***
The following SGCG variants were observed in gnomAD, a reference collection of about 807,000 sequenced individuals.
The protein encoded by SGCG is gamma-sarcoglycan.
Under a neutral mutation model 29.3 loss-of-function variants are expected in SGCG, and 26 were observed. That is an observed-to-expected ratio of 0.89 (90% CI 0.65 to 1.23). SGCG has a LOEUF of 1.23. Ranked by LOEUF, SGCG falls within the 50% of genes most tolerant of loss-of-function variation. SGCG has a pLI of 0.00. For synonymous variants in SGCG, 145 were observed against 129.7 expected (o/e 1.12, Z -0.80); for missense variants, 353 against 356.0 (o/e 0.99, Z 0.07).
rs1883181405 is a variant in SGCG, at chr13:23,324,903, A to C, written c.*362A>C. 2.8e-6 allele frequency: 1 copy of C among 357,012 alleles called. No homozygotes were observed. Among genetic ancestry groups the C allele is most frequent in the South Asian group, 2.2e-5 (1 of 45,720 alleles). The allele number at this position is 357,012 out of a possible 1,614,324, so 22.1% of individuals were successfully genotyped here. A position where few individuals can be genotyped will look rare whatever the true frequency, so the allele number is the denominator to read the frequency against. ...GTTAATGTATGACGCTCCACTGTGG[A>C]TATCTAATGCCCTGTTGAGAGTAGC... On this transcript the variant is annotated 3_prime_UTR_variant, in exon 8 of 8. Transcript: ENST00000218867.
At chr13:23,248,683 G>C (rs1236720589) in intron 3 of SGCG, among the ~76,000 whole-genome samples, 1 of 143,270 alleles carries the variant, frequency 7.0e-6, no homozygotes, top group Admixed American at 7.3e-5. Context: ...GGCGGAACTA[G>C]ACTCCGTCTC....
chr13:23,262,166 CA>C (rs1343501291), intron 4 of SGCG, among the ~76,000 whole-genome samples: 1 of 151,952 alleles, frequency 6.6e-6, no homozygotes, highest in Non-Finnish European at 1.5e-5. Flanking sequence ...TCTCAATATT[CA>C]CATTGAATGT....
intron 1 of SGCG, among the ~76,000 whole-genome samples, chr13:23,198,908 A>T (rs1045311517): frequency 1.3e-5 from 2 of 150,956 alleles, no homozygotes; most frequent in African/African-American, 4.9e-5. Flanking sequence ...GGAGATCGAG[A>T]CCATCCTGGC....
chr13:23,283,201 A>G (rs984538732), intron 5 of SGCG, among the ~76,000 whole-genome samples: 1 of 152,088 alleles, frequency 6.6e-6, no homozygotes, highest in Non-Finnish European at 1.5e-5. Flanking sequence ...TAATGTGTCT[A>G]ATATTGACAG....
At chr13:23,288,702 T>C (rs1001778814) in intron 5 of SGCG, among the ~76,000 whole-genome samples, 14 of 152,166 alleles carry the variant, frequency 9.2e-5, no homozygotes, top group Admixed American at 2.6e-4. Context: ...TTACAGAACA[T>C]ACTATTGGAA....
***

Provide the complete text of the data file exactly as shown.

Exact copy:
The following SGCG variants were observed in gnomAD, a reference collection of about 807,000 sequenced individuals.
The protein encoded by SGCG is gamma-sarcoglycan.
Under a neutral mutation model 29.3 loss-of-function variants are expected in SGCG, and 26 were observed. That is an observed-to-expected ratio of 0.89 (90% CI 0.65 to 1.23). SGCG has a LOEUF of 1.23. Ranked by LOEUF, SGCG falls within the 50% of genes most tolerant of loss-of-function variation. SGCG has a pLI of 0.00. For synonymous variants in SGCG, 145 were observed against 129.7 expected (o/e 1.12, Z -0.80); for missense variants, 353 against 356.0 (o/e 0.99, Z 0.07).
rs1883181405 is a variant in SGCG, at chr13:23,324,903, A to C, written c.*362A>C. 2.8e-6 allele frequency: 1 copy of C among 357,012 alleles called. No homozygotes were observed. Among genetic ancestry groups the C allele is most frequent in the South Asian group, 2.2e-5 (1 of 45,720 alleles). The allele number at this position is 357,012 out of a possible 1,614,324, so 22.1% of individuals were successfully genotyped here. A position where few individuals can be genotyped will look rare whatever the true frequency, so the allele number is the denominator to read the frequency against. ...GTTAATGTATGACGCTCCACTGTGG[A>C]TATCTAATGCCCTGTTGAGAGTAGC... On this transcript the variant is annotated 3_prime_UTR_variant, in exon 8 of 8. Transcript: ENST00000218867.
At chr13:23,248,683 G>C (rs1236720589) in intron 3 of SGCG, among the ~76,000 whole-genome samples, 1 of 143,270 alleles carries the variant, frequency 7.0e-6, no homozygotes, top group Admixed American at 7.3e-5. Context: ...GGCGGAACTA[G>C]ACTCCGTCTC....
chr13:23,262,166 CA>C (rs1343501291), intron 4 of SGCG, among the ~76,000 whole-genome samples: 1 of 151,952 alleles, frequency 6.6e-6, no homozygotes, highest in Non-Finnish European at 1.5e-5. Flanking sequence ...TCTCAATATT[CA>C]CATTGAATGT....
intron 1 of SGCG, among the ~76,000 whole-genome samples, chr13:23,198,908 A>T (rs1045311517): frequency 1.3e-5 from 2 of 150,956 alleles, no homozygotes; most frequent in African/African-American, 4.9e-5. Flanking sequence ...GGAGATCGAG[A>T]CCATCCTGGC....
chr13:23,283,201 A>G (rs984538732), intron 5 of SGCG, among the ~76,000 whole-genome samples: 1 of 152,088 alleles, frequency 6.6e-6, no homozygotes, highest in Non-Finnish European at 1.5e-5. Flanking sequence ...TAATGTGTCT[A>G]ATATTGACAG....
At chr13:23,288,702 T>C (rs1001778814) in intron 5 of SGCG, among the ~76,000 whole-genome samples, 14 of 152,166 alleles carry the variant, frequency 9.2e-5, no homozygotes, top group Admixed American at 2.6e-4. Context: ...TTACAGAACA[T>C]ACTATTGGAA....